I’m thinking about Lucy. She’s 92, the mother of my ex-daughter-in-law. She became my new friend after I reconnected with Donna, her daughter. By phone. She lives in Texas; I live in Missouri. I love Donna dearly and I grew to love her mother.
After the divorce, Donna moved into Lucy’s home. They were a loving, compatible couple, sharing work and recreation. As Lucy grew older and acquired several ailments, she depended more and more on Donna to get things done. Donna developed some serious medical problems of her own, but she continued struggling to shoulder the greater load of day-to-day tasks that kept them going.
On September 1, I called to wish Donna a happy birthday. Lucy answered, said Donna was in bed. I knew Donna had been having back pain for a long time. I called the next night to see how she was doing. Still in bed. I asked Lucy if she needed help. I begged her to call someone. She said they were fine. Next night I called again and found them both in bed. I called Donna’s brother’s shop but no one answered. I left a message that I thought someone should look in on them. When I called the next day, Lucy said Donna was in ICU in a hospital in Dallas.
To make the story short: the paramedics found Donna cold and unresponsive. They said she couldn’t have lasted another day. They found she had a large stone in her only kidney. Her urine had backed up and she had developed sepsis. She was air-lifted from the first hospital she was taken to to another one. On a ventilator and a dialysis machine. In very serious condition. She’s been there since, ventilator and dialysis machine now removed, but still in serious condition. They are not even talking about removing the stone yet because she isn’t strong enough and she still has the infection.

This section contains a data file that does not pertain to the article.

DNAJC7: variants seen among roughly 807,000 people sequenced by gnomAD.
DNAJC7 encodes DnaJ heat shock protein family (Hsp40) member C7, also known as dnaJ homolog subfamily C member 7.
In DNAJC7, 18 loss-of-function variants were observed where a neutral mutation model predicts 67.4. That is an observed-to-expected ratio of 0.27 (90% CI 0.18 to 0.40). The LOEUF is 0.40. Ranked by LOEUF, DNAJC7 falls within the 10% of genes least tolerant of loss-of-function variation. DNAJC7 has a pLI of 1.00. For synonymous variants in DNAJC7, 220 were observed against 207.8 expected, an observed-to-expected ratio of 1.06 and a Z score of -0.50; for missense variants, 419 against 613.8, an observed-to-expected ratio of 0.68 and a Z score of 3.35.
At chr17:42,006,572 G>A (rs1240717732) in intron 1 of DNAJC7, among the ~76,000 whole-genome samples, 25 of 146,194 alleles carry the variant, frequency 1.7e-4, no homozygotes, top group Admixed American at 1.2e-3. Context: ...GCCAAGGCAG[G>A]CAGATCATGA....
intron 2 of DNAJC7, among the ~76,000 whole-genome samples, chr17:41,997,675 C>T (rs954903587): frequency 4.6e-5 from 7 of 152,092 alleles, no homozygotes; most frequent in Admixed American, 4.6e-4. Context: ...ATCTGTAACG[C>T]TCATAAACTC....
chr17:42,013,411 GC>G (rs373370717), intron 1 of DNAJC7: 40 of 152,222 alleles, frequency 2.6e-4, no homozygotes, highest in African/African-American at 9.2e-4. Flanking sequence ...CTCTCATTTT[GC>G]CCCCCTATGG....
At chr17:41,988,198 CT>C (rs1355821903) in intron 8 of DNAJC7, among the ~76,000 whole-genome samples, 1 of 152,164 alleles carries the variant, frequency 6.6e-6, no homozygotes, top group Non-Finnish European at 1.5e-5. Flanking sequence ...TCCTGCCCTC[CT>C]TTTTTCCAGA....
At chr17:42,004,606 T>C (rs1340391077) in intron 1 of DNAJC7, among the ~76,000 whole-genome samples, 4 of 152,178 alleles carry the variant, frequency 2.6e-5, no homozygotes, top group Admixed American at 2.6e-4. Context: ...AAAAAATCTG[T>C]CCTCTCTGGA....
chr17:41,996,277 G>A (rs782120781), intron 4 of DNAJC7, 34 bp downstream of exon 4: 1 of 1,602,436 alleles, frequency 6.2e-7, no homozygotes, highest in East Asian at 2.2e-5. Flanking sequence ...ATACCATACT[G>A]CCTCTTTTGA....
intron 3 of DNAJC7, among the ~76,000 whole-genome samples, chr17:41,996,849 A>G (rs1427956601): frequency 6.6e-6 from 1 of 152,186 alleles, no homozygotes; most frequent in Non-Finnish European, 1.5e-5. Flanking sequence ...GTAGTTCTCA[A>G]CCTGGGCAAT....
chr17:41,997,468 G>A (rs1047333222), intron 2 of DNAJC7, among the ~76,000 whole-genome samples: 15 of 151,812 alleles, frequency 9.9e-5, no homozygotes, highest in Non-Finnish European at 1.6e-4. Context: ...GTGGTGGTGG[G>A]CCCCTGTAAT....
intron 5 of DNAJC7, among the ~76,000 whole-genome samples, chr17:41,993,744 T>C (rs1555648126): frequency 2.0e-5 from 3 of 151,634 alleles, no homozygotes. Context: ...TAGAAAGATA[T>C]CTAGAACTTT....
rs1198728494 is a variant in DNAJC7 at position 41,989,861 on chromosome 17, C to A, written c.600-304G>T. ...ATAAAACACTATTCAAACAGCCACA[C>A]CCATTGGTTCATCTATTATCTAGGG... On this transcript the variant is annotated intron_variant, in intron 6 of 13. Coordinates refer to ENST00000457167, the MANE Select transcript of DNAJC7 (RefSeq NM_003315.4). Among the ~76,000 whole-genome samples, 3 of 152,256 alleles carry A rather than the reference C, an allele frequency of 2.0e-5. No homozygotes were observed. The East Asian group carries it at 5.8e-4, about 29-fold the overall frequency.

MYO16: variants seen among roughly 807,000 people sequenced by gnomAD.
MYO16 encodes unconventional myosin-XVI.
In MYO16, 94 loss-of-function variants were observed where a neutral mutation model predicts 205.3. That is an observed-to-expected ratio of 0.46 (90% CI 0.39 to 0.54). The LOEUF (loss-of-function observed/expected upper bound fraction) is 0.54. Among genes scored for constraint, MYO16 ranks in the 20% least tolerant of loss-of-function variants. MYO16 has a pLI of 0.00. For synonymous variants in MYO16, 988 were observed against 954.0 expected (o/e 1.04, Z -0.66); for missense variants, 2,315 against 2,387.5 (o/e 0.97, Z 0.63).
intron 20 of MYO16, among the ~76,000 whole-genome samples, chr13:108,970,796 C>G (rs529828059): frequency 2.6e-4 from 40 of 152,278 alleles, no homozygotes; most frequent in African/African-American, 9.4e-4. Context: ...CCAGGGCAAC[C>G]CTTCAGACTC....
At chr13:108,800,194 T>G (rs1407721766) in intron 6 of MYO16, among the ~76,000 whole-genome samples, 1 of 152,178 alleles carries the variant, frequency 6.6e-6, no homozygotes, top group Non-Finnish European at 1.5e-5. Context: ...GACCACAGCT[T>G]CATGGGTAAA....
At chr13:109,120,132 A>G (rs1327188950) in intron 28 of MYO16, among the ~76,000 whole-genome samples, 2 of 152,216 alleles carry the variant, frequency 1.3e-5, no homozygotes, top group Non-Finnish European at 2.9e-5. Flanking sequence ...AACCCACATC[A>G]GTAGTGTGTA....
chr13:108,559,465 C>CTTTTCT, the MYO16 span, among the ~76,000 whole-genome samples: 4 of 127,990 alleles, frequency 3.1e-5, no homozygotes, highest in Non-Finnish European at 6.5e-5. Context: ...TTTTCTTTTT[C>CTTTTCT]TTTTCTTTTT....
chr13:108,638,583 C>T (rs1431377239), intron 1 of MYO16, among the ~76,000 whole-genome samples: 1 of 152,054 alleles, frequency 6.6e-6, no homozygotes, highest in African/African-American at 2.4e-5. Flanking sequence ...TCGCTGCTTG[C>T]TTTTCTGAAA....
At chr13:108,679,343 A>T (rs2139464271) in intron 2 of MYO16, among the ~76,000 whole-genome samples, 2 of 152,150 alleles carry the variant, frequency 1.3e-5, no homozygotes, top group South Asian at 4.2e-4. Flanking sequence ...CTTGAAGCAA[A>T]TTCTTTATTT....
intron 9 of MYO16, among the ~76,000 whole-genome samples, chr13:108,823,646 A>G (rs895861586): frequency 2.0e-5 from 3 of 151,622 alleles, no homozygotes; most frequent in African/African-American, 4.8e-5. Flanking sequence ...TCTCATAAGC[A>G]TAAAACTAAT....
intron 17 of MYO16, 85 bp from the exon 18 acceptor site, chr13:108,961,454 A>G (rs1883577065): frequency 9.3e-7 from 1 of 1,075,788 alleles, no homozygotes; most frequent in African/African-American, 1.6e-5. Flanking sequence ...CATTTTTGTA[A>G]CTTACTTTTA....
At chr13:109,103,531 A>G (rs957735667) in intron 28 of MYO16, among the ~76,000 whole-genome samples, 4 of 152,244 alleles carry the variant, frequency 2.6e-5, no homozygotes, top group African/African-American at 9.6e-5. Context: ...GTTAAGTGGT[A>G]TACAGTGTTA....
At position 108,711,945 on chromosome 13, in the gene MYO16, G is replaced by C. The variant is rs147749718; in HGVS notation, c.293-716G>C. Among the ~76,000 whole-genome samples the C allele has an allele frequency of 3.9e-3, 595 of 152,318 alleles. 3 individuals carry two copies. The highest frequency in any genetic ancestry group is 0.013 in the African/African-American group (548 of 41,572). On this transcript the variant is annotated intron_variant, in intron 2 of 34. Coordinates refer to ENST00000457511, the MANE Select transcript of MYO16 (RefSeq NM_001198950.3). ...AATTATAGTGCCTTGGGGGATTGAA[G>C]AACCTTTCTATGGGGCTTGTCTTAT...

The family has decided that after Donna is released she will go to live with her son in Dallas and Lucy will be sent to a nursing home.
Lucy doesn’t know this yet. It will kill her. Literally. As a nursing student, I worked in those places and I can’t tell you how many perfectly alert, fairly able folks I saw folded themselves up and died. Your spirit dies first. Then your body.
That is my own worst nightmare. No one can know, until they live it, how very difficult it is to leave your comfortable, familiar surroundings to exist in a strange, sterile setting.
We who are old. We can’t explain our need to hold onto what we know. Our memories that are in everything that surrounds us. It’s how we hold onto those we have lost. How we hold onto ourselves. When that goes, there’s nothing left. No reason to go on.
I’ve seen online several rescue dogs who needed a new home because their owners had to go to such a place. How very sad. Not only for the dogs. But for their owners. Loosing not only their homes, their possessions, but their companions, in many cases, the only members of their family they have left, the loves of their lives.
I recall something Ken said to me days before he took his own life, “You’ll outlive us all. You’re too stubborn to die.” It hurt. I had given him so much. I know I wasn’t a perfect parent. I made some wrong decisions, some mistakes. But they were honest mistakes, never coming from a place of meanness.
Yet, I knew that’s how Ken felt. I know it’s how many folks feel. Maybe even my one remaining son. We oldsters, many of us know we’re seen as someone in the way, a nuisance, a drag to those whose lives are hectic and in a hurry.
Don’t we have a right to be here? Haven’t many of us spent a greater part of our lives caring and sacrificing for our children? Often giving more than we could afford? Wanting the best for them? Is this how we are to end our days? Many of us dying alone in a barren room, lonely and forgotten?
Oh, dear Lucy, I wish I could help you. But I am as alone as you are. Just not quite so helpless. At least, not yet. Lord help me to hold on.